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  • Writer's pictureB.M. Allsopp

Fiji and Covid-19: update March 2021

Last July, my briefing here on Fiji and the Covid-19 pandemic aroused interest and concern. Eight months later, many of you will want to know what the virus is up to now in these beautiful islands.

Virus statistics

Fiji's first Covid-19 case was reported on 10th March 2020. After observing the virus rip through the rest of the world for two months, the Fiji government took swift action, banning international flights and gatherings of people, closing schools, imposing quarantine, a national curfew and a lockdown on the major towns of Suva and Lautoka.

Fiji Aiways Boeing grounded at Nadi International airport
Grounded at Nadi International airport Souce:

A year later, these restrictions seem to have worked. Fiji's total number of Covid-19 cases is 66, all on the two biggest islands of Viti Levu and Vanua Levu. Only two sufferers have died. Since last July, all new cases have been citizens returning from overseas, diagnosed during their compulsory 14-day quarantine period. The quarantine accommodation is secured by Fiji's military forces.

Many restrictions have now been relaxed although, inexplicably, the national curfew is still in force. Just last week on 7th March, Fiji received its first batch of 12,000 doses of Oxford-Astra-Zeneca vaccine under the COVAX scheme.

Impacts on people's lives

Despite causing only two deaths, the virus has hurt the people of Fiji more than the three cyclones that hit the island nation during the last year. All economic indicators have crashed, including government and private incomes, employment and exports. As Fiji is heavily dependent on tourism, we can readily understand the hardship caused by job losses when holiday resorts close, but hundreds of Fiji businesses supply the resorts with food, uniforms, curtains, handicrafts, toiletries and furniture. Closed resorts don't need any of these things.

I hear you ask, "What's the problem with exports?" Well, even when ships and planes are allowed to enter ports, the port state's Covid-19 quarantine requirements can make the imports of perishable goods impossible. Fiji exporters of bananas, papayas vegetables, flowers and herbs can still grow their products, cyclones permitting, but they can't export them for this reason. Listen to Sashi, the manager of a herb farm, pleading for the New Zealand government to enable her to supply her customers there.

Facebook page: Barter for a Better Fiji
Source: Barter for a Better Fiji

Like Sashi, all Fijians want to help themselves, but the restrictions imposed to prevent the virus spreading often make it impossible. The enterprising Facebook group, Barter for a Better Fiji (BFBF), enables people to swap their skills and possessions for necessities they can no longer afford to buy.

A scan of BFBF's page today shows that people mostly ask for food. Here is an example. Such resourcefulness is admirable, but unless people's incomes begin to recover, many will soon run out of possessions to barter.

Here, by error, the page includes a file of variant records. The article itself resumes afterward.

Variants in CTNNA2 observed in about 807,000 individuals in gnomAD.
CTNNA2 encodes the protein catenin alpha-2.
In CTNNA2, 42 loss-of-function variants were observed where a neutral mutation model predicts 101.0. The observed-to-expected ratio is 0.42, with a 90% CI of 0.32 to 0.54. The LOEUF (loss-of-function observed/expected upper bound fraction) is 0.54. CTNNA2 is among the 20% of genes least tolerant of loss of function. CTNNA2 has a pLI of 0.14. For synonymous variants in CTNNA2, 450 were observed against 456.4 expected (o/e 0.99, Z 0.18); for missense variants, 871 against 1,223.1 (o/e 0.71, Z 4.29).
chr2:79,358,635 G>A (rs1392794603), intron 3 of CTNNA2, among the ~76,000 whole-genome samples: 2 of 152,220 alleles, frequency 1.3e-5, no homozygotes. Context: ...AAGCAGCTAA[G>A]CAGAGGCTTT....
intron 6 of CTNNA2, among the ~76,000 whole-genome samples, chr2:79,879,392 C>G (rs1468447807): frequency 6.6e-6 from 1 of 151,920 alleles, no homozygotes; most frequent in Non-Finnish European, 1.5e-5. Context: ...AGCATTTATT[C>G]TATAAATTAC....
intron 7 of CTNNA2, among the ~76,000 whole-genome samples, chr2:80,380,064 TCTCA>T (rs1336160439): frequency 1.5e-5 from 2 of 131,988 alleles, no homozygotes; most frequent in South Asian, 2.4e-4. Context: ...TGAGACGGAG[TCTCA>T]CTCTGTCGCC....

Helping Hands

Unloading medical aid from Australia
Unloading medical aid Source: Aust Dept Defence

Bodies like the World Health Organisation (WHO) have praised Fiji's successful management of the Covid-19 emergency. The WHO supplied an epidemiologist to work with Fiji's Health authorities and quantities of testing kits, masks and other protective equipment. The World Bank has granted funds and Japan has provided a $200 million loan to strengthen health services. New Zealand provided $1.5 million dollars in cash to be directed to Fijian businesses.

It's no surprise that Australia, as Fiji's biggest neighbour, has given $15.4 million as a grant to Fiji. Australia has also committed $500 million in the next three years to ensure that Pacific island countries including Fiji will be able to achieve full vaccination coverage.

In January this year, Australia indicated that if 80% of Fiji's population are vaccinated, chances of a 'travel bubble' are high between the two nations. My opinion, for what it's worth, is that the Australian government is being excessively cautious. The logistics involved mean that vaccinating 80% of the population won't happen within a few months. Yet it is critical to Fiji's recovery that tourist resorts open as soon as possible. Why not permit vaccinated tourists to holiday in resorts staffed by vaccinated workers?

However it happens, when that bubble inflates to include Australia and Fiji, I'll be on the first Fiji Airways plane to Suva!

P.S. I love to answer any questions about Fiji or my books from readers. Just leave a comment below, send me a message via the Contact page or email me at I warmly invite you to join our Fiji Fan Club below.

If you have friends interested in Fiji or Pacific islands in general, I encourage you to share this post.

I look forward to hearing from you!


B.M. Allsopp

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